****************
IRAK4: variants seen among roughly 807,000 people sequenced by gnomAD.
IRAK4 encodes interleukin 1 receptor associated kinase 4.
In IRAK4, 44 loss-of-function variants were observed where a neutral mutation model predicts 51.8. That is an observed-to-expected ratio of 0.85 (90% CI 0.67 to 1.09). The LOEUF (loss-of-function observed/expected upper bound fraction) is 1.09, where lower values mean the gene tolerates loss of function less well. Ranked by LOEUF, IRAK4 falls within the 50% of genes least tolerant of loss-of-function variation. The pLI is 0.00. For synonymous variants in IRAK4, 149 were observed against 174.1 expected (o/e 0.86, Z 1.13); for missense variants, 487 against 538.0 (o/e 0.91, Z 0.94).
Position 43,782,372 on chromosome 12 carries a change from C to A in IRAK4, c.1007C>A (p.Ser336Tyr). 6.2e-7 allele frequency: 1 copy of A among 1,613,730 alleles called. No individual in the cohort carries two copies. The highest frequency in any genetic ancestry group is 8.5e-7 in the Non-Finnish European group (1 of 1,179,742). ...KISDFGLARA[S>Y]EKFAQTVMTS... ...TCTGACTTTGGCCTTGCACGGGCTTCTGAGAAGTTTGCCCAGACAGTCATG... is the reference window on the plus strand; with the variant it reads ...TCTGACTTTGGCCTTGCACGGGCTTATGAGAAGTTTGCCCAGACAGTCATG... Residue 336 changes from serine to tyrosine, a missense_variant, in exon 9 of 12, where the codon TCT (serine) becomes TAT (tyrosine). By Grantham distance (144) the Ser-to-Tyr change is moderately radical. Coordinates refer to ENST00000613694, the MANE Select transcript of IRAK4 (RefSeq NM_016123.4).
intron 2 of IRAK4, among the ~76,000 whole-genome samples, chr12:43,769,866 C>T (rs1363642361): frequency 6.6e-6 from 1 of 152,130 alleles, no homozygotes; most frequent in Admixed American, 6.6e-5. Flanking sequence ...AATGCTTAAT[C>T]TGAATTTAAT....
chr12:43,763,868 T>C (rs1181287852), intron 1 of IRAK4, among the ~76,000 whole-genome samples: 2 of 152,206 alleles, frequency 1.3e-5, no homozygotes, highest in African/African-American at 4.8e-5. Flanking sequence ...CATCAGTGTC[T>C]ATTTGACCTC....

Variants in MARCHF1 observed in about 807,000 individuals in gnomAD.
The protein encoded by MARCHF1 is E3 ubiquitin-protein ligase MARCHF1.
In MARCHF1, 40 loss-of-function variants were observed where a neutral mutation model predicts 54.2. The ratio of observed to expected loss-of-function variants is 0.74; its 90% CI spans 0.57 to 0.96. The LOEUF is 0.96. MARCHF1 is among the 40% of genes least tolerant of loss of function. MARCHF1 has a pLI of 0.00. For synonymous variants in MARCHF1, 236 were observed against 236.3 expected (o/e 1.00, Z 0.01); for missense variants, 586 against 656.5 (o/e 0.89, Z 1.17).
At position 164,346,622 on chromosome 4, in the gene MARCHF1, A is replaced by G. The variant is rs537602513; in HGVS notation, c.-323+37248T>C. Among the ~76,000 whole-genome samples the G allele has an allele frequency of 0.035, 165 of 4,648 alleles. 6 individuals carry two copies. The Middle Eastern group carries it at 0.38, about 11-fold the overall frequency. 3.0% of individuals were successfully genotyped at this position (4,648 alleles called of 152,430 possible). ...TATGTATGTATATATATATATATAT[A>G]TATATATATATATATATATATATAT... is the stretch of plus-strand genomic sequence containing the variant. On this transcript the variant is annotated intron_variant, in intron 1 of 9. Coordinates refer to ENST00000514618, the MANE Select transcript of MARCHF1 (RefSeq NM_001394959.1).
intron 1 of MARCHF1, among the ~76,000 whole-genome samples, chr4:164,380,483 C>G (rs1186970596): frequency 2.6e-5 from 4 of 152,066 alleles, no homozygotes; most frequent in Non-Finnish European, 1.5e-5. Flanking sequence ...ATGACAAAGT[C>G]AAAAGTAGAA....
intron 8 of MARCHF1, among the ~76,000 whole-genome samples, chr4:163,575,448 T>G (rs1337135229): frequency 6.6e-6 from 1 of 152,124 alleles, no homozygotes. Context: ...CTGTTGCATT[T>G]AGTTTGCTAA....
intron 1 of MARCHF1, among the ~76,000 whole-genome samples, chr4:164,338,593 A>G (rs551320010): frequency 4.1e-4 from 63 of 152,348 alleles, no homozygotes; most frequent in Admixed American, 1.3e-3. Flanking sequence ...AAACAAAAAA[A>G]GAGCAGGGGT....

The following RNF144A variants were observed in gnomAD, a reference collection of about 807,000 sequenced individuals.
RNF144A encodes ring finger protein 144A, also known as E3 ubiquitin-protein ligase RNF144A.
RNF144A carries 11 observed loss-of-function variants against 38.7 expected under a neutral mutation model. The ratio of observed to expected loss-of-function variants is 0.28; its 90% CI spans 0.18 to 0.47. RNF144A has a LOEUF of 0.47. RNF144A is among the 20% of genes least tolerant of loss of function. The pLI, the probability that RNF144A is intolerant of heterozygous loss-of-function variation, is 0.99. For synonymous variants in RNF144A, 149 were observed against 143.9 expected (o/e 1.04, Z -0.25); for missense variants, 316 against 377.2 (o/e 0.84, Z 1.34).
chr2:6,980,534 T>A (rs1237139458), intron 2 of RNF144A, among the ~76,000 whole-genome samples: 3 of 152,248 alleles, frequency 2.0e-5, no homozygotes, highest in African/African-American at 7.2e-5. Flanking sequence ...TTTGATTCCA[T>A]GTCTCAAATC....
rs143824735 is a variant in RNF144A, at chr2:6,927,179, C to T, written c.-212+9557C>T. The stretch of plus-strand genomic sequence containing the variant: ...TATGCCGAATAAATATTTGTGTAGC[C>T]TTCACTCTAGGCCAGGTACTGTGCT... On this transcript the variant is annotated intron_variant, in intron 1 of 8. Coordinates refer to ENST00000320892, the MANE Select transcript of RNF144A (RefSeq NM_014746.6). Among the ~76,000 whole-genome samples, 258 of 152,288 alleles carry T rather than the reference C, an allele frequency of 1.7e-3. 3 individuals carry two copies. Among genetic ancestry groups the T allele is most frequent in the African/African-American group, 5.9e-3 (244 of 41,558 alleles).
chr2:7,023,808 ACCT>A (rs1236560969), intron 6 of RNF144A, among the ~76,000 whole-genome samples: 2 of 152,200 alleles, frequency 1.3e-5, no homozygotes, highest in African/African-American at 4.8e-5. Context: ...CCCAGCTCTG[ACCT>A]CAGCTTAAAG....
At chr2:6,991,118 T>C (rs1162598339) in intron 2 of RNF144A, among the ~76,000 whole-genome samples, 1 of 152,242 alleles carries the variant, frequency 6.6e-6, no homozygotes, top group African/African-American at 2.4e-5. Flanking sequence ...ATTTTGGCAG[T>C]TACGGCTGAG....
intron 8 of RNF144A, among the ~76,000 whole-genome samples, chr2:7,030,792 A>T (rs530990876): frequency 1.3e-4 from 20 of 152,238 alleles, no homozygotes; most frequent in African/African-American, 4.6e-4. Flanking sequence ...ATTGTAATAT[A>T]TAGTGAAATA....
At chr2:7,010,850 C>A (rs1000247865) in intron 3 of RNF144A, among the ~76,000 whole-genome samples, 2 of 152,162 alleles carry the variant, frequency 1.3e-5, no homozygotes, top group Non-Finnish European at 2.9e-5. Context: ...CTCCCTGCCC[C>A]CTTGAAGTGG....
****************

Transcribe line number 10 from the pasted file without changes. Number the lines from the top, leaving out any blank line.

At position 164,346,622 on chromosome 4, in the gene MARCHF1, A is replaced by G. The variant is rs537602513; in HGVS notation, c.-323+37248T>C. Among the ~76,000 whole-genome samples the G allele has an allele frequency of 0.035, 165 of 4,648 alleles. 6 individuals carry two copies. The Middle Eastern group carries it at 0.38, about 11-fold the overall frequency. 3.0% of individuals were successfully genotyped at this position (4,648 alleles called of 152,430 possible). ...TATGTATGTATATATATATATATAT[A>G]TATATATATATATATATATATATAT... is the stretch of plus-strand genomic sequence containing the variant. On this transcript the variant is annotated intron_variant, in intron 1 of 9. Coordinates refer to ENST00000514618, the MANE Select transcript of MARCHF1 (RefSeq NM_001394959.1).